Gerald Gardner, from the cover of The Meaning of Witchcraft

B.C. on Paganism: A Biography of Gerald Brosseau Gardner



  • Born: June 13th, 1884 at Great Crosby, near Blundell Sands in Lancashire, England.
  • Began travelling at the age of four; his nursemaid took him to warmer climates to help alleviate his asthma.
  • Had jobs planting tea and rubber in the Far East. He eventually became a Customs officer until he retired in 1936.
  • Was initiated into the New Forest Coven, a traditional Wiccan coven by "Old Dorothy" -- Dorothy Clutterbuck -- in September, 1939.
  • Published High Magick's Aid, a fictional account of witches, in 1949 under the pen-name Scire. After the repeal of witchcraft laws in Britain in 1951, Gardner published Witchcraft Today in 1954, a non-fictional account of modern witchcraft.
  • Became a spokesperson for the pagan community
  • Invited to a reception at Buckingham Palace in 1960.
  • Died: February 13th, 1964, while returning from abroad on the SS Scottish Prince.



It is important to note that Ray Buckland was initiated by Monique Wilson in 1963 and didn't actually know Gardner very well. In his own words: "I had been corresponding with Gerald for over a year prior to [the initiation] and finally met him face-to-face, briefly, at that time." Shortly thereafter, Gardner left on vacation to Lebanon, and died on the return journey.

Buckland had been living in the United States at this time.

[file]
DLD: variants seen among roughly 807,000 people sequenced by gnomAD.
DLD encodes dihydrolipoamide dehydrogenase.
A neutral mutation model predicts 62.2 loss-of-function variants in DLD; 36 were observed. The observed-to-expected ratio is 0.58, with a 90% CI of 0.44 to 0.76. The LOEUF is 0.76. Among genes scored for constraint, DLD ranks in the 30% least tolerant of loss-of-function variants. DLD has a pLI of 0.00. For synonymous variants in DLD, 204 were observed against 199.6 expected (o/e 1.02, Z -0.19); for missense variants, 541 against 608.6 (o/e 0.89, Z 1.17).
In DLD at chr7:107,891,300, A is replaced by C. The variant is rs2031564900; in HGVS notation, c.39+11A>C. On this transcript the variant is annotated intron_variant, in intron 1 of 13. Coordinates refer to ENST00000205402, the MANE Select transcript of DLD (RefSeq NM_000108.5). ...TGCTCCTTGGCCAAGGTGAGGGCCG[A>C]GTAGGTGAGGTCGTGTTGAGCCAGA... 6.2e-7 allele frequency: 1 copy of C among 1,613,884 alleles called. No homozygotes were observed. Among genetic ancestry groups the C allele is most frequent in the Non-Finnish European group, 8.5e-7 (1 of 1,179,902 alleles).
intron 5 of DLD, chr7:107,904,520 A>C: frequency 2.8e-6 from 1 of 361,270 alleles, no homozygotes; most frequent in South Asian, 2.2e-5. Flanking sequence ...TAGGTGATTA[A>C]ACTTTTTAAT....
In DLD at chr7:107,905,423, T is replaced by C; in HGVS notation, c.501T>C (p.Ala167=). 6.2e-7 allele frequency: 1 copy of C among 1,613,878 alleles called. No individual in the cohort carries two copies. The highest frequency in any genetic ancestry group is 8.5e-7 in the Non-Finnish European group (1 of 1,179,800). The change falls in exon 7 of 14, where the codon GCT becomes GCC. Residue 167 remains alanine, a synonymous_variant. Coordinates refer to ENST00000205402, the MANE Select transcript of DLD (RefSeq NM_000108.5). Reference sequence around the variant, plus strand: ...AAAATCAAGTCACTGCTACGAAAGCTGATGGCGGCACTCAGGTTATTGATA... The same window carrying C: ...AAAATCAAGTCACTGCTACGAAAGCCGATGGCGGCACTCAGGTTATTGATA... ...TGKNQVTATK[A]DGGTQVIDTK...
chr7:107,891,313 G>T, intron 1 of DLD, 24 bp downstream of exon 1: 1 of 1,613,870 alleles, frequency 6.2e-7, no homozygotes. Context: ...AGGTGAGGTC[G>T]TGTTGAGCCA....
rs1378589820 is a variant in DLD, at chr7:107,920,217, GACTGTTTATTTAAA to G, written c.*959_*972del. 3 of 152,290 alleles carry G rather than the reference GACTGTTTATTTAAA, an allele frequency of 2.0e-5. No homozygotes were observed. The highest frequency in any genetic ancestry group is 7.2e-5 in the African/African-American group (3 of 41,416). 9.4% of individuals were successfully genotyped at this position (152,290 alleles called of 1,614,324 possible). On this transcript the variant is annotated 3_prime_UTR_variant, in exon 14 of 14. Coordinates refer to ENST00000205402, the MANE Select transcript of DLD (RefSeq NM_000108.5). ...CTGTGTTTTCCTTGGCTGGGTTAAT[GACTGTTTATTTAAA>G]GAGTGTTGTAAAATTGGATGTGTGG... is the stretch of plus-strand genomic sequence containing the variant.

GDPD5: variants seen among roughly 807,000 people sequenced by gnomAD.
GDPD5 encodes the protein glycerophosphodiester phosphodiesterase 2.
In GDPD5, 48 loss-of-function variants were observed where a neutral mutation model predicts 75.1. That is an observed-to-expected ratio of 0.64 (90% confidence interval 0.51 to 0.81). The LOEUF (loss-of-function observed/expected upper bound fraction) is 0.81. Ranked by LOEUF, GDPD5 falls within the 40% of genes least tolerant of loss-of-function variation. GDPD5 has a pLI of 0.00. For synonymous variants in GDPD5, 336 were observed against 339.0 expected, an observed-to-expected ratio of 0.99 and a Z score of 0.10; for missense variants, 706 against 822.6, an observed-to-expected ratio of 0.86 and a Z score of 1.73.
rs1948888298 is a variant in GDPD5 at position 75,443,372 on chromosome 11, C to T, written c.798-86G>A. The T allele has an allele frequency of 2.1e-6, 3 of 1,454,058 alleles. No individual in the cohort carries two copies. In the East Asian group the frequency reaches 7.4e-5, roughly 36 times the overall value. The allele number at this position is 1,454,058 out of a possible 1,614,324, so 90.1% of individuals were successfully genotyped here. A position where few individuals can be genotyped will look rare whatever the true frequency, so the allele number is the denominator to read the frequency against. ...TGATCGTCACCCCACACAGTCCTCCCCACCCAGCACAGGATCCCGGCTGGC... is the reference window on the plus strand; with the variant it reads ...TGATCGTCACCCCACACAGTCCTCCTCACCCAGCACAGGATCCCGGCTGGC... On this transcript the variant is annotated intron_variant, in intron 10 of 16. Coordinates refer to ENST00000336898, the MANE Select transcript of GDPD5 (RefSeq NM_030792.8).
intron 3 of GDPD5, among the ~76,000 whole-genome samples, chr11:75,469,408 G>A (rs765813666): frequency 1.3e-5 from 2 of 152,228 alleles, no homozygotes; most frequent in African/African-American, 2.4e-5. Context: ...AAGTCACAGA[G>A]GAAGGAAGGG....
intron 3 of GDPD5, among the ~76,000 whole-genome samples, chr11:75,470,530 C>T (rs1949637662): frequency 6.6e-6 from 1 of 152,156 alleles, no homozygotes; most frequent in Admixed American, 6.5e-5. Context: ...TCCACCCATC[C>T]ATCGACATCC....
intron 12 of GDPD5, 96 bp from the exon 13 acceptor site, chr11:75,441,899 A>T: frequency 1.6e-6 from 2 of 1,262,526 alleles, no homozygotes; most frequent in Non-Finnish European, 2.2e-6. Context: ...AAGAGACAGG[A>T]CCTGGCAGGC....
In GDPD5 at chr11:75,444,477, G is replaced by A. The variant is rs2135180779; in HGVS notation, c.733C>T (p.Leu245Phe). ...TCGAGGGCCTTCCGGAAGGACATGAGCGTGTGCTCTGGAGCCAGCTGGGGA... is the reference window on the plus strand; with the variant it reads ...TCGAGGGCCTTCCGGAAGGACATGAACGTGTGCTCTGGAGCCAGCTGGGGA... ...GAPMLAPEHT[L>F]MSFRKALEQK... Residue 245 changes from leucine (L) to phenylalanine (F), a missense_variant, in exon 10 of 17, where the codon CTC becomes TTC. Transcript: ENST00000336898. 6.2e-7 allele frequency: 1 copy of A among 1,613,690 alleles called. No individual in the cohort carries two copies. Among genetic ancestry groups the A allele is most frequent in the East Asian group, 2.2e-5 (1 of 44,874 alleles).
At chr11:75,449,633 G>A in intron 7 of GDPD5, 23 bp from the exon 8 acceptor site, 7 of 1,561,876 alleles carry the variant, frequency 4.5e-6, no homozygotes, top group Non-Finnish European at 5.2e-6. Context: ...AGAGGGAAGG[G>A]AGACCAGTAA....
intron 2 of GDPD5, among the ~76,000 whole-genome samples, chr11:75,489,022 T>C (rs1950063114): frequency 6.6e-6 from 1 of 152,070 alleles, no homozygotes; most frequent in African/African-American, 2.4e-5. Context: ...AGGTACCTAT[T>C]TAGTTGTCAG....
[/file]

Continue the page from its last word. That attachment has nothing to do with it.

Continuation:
According to Ray Buckland, Ph.D., in 1934 Gardner was working in Singapore:

Among his archaeological finds, he identified the real site of the ancient City of Singapura. He also reconstructed models of one of the old sea-going ships of the ancient civilization. One of his models is in the Singapore Museum and another in the Victoria and Albert Museum, London. As a result of his work, he received an honorary doctorate from the University of Singapore.

However, Doreen Valiente [1989:pp.41-42] writes:

In 1951 Gerald Gardner told the journalist Allen Andrews, or at any rate allowed him to receive the impression that he had been created a Doctor of Philosophy in Singapore and a Doctore of Literature in Toulouse. [...]

However, when I wrote to the University of Singapore some while after Gerald's death and asked him them if they could confirm that they had given him this honourary degree, they replied that not only had they never done so but the University of Singapore was not even in existence in 1934. Later I wrote to the University of Toulouse, asking about the alleged Doctor of Literature referred to in the 1951 press cutting. They too replied that they had never conferred any such degree upon anyone called Gerald Brosseau Gardner.

It has been suggested to me that in the Far East it was customary to give the courtesy title of 'Doctor' to almost any learned person. However, the claims in Gerald's case are rather too detailed for that explanation to hold water.

These "falsifications of credentials", unfortunately, do a great deal to undermine Gardner's credibility in other issues.

Enigmas and Questions

Traditional Initiation

Jeffrey B. Russell [1980] writes:

[Gardner's] followers tell the story that he was initiated into witchcraft in 1939 by Old Dorothy Clutterbuck, a witch of the New Forest who later, they say, led the covens of England to the seashore where they prevented Hitler's invasion by sending out the cone of power towards him with the instruction, 'You cannot come.' When the Craft was destroyed in the 'Burning Time', it was argued, a few kept it alive secretly, and old Dorothy was the heir of this ancient tradition. In fact there is no evidence that old Dorothy ever existed, and the ancient tradition is very dubious.